When ancient counterfeit coins are collectible
- Published: Jan 30, 2018, 3 AM
For probably as long as money has been made, counterfeit money has been made.
Some of the contemporary fakes, made alongside the ancient coinage they imitated, are known as fourrées. Fourrées were usually manufactured by wrapping a base metal core with a silver foil, then striking it with counterfeit dies. Alternate methods for making fourrées included striking a counterfeit coin from base metal and then plating it with silver.
An example of the ancient imposter, a silver fourrée denarius of Claudius, issued circa A.D. 49 or 50, is offered as part of Davisson’s Ltd. Auction 37, closing Feb. 21.
Longtime authenticator explains how counterfeiters up their game in their efforts to rip off the marketplace. Also inside this issue, we provide a solution to examining those tiny dimes in your collection.
The imitation of a Rome Mint issue was probably struck at an unofficial mint in Britannia, following the invasion of Claudius in A.D. 43, to fill the need for coinage in commerce with thousands of Roman soldiers. Though not officially sanctioned, the practice was probably tolerated, according to the auction house.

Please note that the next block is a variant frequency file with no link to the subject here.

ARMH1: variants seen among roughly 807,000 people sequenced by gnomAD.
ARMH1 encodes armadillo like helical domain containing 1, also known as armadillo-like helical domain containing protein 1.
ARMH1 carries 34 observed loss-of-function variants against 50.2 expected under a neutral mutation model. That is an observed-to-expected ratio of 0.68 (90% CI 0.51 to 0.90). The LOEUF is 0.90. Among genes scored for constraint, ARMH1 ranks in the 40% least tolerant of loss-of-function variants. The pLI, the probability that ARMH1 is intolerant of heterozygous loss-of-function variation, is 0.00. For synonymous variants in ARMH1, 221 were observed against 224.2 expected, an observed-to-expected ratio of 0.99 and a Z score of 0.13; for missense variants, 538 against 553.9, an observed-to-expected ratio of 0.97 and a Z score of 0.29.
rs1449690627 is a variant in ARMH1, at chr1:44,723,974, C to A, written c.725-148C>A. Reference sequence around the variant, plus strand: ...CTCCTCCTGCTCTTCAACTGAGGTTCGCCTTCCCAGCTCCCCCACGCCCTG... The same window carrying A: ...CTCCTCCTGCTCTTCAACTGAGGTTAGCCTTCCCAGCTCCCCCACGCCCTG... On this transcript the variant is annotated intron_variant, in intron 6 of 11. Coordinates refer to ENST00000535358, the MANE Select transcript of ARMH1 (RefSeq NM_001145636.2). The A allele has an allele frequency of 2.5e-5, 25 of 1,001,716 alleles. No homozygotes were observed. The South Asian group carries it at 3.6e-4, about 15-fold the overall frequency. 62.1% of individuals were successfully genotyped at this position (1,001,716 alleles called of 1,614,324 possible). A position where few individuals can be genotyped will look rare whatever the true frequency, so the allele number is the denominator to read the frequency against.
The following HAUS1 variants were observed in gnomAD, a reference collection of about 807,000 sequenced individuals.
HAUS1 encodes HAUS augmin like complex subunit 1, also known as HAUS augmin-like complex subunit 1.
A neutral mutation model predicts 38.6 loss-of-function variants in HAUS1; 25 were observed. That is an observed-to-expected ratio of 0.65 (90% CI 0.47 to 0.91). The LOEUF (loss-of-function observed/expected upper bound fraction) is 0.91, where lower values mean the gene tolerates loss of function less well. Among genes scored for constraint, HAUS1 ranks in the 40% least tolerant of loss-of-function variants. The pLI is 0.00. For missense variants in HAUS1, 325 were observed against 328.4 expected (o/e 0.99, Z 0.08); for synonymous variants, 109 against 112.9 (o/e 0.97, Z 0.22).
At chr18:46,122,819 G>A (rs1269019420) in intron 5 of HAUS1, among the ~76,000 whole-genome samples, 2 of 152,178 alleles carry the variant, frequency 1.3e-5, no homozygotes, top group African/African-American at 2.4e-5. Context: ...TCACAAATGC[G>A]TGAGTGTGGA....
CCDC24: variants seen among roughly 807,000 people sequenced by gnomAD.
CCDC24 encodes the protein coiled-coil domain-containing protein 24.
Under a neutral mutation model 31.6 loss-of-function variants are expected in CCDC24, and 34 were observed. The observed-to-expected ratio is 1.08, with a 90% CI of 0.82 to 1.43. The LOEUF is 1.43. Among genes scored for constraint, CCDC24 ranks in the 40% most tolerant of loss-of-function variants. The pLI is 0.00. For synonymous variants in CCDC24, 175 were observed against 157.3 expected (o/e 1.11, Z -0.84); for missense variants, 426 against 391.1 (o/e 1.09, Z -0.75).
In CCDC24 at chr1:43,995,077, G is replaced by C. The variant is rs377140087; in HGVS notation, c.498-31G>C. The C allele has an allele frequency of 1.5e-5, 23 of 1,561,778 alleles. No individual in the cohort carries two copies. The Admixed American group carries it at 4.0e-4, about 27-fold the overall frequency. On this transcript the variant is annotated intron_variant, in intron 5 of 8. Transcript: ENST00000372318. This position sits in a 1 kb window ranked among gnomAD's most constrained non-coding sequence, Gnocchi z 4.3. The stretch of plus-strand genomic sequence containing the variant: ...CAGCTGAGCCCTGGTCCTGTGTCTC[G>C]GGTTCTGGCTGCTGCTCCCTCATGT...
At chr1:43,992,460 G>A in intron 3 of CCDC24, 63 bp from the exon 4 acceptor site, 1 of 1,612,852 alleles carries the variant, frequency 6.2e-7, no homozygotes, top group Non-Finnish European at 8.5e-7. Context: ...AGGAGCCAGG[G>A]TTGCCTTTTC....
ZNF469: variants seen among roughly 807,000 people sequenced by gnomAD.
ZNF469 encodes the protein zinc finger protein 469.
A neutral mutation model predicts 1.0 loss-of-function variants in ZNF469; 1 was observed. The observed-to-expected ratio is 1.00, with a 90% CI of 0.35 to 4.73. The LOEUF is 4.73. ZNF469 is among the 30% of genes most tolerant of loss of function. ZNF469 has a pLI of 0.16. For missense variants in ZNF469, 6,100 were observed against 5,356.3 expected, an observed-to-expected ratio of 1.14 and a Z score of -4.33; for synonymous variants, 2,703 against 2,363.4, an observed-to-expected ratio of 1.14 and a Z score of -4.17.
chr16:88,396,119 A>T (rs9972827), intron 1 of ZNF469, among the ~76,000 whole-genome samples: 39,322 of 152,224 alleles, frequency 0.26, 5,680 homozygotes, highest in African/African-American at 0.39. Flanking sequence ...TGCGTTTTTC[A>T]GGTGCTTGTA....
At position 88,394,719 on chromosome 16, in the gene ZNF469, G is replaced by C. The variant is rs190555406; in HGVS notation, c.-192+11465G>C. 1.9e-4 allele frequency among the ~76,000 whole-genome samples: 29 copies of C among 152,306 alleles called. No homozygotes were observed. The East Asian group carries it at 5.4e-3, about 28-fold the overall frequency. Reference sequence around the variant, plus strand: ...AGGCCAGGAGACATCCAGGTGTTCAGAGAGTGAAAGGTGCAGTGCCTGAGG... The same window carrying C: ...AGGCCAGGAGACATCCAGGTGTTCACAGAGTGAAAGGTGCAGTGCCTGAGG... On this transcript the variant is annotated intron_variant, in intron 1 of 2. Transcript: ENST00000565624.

A fourrée is easy to detect, as the weight does not match a genuine coin and many have had wear or corrosion of the underlying base metal causing gaps in the silver plating. Test cuts or banker’s marks seen on many ancient coins (denarii in particular) were made to detect such forgeries.
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Fourrées are well suited for collecting as they are ancient coins in their own right. And an ancient forgery can allow someone to represent an otherwise prohibitively expensive coin in their collection with the next best thing: a historical contemporary copy.
The auction piece is graded Choice About Uncirculated by Numismatic Guaranty Corp. and is “nicely toned” with “surface almost entirely intact; reverse struck off center,” the firm said.
It has an estimate of $1,500.
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